Listen to the Art: Composers in the Gallery



Composers Frank, Cockey, and Banfield

The Museum Loan Network has partnered with the American Composers Forum to institute the Museums, Composers, and Communities initiative. This pilot program encourages cross-discipline interaction by pairing composers with museums. In this first round, the pairing are William C. Banfield and the Mobile Museum of Art (Mobile, AL); Gabriela Lena Frank with the Spencer Museum of Art at the University of Kansas; and Jim Cockey with the Western Heritage Center in Billings, Montana. In each case, the composers collaborate with museum curators and are commissioned to create original pieces of work inspired by the museum installations.

Prior to this project, Cockey had worked in collaborative situations, but he found his recent work in Montana to be a completely different experience, admitting that at the outset he had no idea what he was in for. “I think I was pretty skeptical that I would be able to contribute to the process much more than to write a piece of music. Well, that preconception got totally blown out of the water.”

During the residency he created two works. One was expected, a symphonic piece which will premiere this week, and the other is a part of the exhibit he helped create for The Western Heritage Center. As part of the exhibit “Life By Comparison: the Lives of Frederick and Parmly Billings,” he re-recorded and documented music from the 1880s, the time period represented by the exhibit, for a Music as Artifact sound booth. He explains, “It is a non-visual experience in an environment pretty much dominated by visual thinking. And it has been very, very successful. People love it.”

The research and recording that he did for the display then influenced his commissioned piece, Symphony No. 2 (“Parmly’s Dream”). “This piece is a large work, 40 minutes in length, for orchestra, chamber choir, three vocal soloists (representing Parmly Billings and his parents, Frederick and Julia Billings), solo piano, played by Bob Nell, and Native American flute, drums, and vocals performed by Joseph Fire Crow.”

Banfield, who was unavailable for comment, penned six pieces to accompany a traveling exhibit of sculptures celebrating the American experience, which he assisted the Mobile Museum of Art in curating. His resulting chamber work, Structures: Sculptures in Soul and Sound, premiered early this month.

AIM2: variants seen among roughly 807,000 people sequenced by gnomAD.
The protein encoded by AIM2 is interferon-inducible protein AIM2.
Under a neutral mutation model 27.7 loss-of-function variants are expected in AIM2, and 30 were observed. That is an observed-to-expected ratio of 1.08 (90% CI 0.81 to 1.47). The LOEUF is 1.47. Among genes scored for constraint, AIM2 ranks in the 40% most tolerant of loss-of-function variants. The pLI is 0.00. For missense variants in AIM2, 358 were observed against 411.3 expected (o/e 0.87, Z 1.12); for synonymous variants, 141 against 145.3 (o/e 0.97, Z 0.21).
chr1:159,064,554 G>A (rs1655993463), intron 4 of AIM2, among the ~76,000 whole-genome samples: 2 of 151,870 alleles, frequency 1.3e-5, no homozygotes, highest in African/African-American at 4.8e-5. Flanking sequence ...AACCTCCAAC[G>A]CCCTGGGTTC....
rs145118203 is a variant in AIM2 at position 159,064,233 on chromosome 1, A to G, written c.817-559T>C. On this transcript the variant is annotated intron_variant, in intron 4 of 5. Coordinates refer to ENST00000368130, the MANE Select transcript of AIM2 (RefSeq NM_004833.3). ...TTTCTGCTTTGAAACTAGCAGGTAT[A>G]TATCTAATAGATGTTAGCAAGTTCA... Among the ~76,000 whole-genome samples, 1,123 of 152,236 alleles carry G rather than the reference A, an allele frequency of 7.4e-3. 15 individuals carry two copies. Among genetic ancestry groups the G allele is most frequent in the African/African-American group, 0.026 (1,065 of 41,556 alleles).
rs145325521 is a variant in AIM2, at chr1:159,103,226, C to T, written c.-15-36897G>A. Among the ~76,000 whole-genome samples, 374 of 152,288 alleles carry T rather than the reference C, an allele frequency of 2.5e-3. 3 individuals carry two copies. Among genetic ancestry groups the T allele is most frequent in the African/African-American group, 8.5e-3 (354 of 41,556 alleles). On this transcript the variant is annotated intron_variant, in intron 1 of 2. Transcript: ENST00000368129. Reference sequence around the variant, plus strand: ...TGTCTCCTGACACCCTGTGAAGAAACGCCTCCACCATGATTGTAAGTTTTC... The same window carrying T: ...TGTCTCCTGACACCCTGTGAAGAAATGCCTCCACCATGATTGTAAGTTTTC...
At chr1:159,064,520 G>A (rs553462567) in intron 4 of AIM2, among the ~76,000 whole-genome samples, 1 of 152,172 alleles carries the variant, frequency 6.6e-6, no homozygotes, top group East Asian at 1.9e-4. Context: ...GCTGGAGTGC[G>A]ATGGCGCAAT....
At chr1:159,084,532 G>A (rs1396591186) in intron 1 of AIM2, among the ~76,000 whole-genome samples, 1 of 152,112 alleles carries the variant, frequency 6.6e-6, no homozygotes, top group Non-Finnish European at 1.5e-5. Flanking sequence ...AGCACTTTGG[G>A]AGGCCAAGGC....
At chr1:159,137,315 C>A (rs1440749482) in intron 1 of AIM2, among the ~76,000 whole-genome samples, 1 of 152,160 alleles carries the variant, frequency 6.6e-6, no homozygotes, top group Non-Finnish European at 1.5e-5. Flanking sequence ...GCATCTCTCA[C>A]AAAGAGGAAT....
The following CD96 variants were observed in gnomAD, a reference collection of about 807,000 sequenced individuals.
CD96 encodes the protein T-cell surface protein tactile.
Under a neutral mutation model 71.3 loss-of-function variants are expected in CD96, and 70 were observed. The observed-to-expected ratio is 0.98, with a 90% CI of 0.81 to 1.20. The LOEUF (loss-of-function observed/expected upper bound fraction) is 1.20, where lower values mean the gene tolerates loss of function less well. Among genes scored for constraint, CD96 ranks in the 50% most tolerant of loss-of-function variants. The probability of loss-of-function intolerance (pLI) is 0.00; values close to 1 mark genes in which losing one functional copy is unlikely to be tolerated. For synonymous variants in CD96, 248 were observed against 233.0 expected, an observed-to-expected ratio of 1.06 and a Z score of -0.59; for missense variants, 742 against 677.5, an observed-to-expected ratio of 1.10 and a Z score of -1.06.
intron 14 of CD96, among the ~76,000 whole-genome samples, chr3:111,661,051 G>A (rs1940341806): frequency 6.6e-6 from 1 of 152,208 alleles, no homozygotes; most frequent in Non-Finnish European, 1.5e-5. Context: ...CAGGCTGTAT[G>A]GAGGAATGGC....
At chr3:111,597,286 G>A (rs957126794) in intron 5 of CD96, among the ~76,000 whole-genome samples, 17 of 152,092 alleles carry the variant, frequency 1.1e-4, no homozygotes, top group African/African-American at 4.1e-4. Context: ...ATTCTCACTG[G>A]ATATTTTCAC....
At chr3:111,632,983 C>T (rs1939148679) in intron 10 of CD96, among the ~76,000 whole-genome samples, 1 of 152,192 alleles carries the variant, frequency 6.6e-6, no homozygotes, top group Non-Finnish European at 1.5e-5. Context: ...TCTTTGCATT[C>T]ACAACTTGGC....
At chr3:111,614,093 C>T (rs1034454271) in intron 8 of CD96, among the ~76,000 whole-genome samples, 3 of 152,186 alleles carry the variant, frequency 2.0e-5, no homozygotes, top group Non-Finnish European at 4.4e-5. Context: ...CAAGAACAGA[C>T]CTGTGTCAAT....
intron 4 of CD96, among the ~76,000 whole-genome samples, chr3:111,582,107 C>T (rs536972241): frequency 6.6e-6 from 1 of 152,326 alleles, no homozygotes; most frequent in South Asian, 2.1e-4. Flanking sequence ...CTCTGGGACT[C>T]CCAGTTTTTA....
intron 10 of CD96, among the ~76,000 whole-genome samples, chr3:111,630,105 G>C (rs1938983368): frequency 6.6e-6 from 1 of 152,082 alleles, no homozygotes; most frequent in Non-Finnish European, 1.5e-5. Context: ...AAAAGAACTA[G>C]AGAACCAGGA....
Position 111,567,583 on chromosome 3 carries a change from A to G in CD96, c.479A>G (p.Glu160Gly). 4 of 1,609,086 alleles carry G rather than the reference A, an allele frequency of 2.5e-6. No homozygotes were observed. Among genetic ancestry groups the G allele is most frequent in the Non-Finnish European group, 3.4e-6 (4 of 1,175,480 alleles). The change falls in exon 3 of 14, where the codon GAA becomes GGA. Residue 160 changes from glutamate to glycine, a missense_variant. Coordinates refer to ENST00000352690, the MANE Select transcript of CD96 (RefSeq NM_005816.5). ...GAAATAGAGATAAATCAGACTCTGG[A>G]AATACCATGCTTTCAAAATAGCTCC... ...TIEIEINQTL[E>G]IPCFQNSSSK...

Gabriela Frank has found working in a museum setting—with the art historians and curators of the Spencer Museum and also the Latin American studies scholars who are part of this project—to be “inherently interdisciplinary in many ways, and…a fairly new experience for me.”

The museum had borrowed 11 pieces of art based on Hispanic idioms from other institutions around the country. As a composer familiar with Hispanic culture, Frank was commissioned “to help give the whole affair a bit of oomph” and to write three works—a mixed quintet based on a Haitian voodoo painting in the collection for their faculty and students to play, a piano concerto for her to play with the university orchestra, and a choral work utilizing Spanish and Quechua Indian (Andean) texts for the university choir. She will also be involved with some community outreach activities, performing piano works by Hispanic composers in several concerts, and speaking in different classes (music, Spanish, and history) both at the university and in public schools in the city.

The cross-pollination is a good audience builder, Frank points out. But she also cites its artistic value. “Drawing rigid lines between disciplines is tantamount to anemia. I don’t say that lightly—sometimes different disciplines confront one another ready to do battle, wanting to represent their field well, or taking exception to the idea of another discipline borrowing the vocabulary or an inspiration from one other than their own.”

Instead, she insists, “If we’re made uncomfortable by stretching our definition of what is ‘music’, what is ‘plastic art’, and so forth, I believe that’s a good thing. A great thing, actually… In working through our discomfort, we’ll necessarily produce art that says something new, that the world hasn’t actually seen yet, thereby enriching it.”

Cockey agrees. “When two powerful disciplines are able and willing to create a model of exchange, the results are staggering. A successful cross-discipline collaboration, like this one, provides a ready cauldron for creating an environment for extraordinary creativity.

“Also,” he confesses, “it’s just plain fun. And fun is very conducive to creativity. For me personally, this has been one of my most exciting and rewarding compositional experiences. When experiences like this create concrete results, like unique exhibits and new pieces of music, the audience is the entity that gets to feast on the results.”